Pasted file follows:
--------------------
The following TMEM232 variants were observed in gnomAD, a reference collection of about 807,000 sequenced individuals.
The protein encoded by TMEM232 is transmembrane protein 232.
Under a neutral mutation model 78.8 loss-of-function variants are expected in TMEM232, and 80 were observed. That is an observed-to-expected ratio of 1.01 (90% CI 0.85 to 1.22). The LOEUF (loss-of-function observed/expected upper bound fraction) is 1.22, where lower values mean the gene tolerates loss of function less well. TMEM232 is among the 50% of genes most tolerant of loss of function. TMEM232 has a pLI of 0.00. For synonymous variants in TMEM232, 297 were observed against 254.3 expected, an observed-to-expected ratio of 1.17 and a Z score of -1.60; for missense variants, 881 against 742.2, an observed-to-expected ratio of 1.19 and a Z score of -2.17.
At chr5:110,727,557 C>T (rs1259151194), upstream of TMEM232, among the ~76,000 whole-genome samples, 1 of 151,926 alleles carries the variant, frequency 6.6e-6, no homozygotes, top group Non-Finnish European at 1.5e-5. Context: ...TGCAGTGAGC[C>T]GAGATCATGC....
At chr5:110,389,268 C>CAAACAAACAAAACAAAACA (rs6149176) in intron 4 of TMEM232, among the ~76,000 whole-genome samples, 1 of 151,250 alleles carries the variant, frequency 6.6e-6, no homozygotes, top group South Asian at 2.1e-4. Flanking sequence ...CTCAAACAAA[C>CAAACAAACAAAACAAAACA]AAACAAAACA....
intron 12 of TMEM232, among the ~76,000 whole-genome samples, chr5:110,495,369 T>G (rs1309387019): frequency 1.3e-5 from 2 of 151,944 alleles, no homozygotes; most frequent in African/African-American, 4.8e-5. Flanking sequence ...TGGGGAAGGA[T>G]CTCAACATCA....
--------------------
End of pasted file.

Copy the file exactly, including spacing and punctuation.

The following TMEM232 variants were observed in gnomAD, a reference collection of about 807,000 sequenced individuals.
The protein encoded by TMEM232 is transmembrane protein 232.
Under a neutral mutation model 78.8 loss-of-function variants are expected in TMEM232, and 80 were observed. That is an observed-to-expected ratio of 1.01 (90% CI 0.85 to 1.22). The LOEUF (loss-of-function observed/expected upper bound fraction) is 1.22, where lower values mean the gene tolerates loss of function less well. TMEM232 is among the 50% of genes most tolerant of loss of function. TMEM232 has a pLI of 0.00. For synonymous variants in TMEM232, 297 were observed against 254.3 expected, an observed-to-expected ratio of 1.17 and a Z score of -1.60; for missense variants, 881 against 742.2, an observed-to-expected ratio of 1.19 and a Z score of -2.17.
At chr5:110,727,557 C>T (rs1259151194), upstream of TMEM232, among the ~76,000 whole-genome samples, 1 of 151,926 alleles carries the variant, frequency 6.6e-6, no homozygotes, top group Non-Finnish European at 1.5e-5. Context: ...TGCAGTGAGC[C>T]GAGATCATGC....
At chr5:110,389,268 C>CAAACAAACAAAACAAAACA (rs6149176) in intron 4 of TMEM232, among the ~76,000 whole-genome samples, 1 of 151,250 alleles carries the variant, frequency 6.6e-6, no homozygotes, top group South Asian at 2.1e-4. Flanking sequence ...CTCAAACAAA[C>CAAACAAACAAAACAAAACA]AAACAAAACA....
intron 12 of TMEM232, among the ~76,000 whole-genome samples, chr5:110,495,369 T>G (rs1309387019): frequency 1.3e-5 from 2 of 151,944 alleles, no homozygotes; most frequent in African/African-American, 4.8e-5. Flanking sequence ...TGGGGAAGGA[T>G]CTCAACATCA....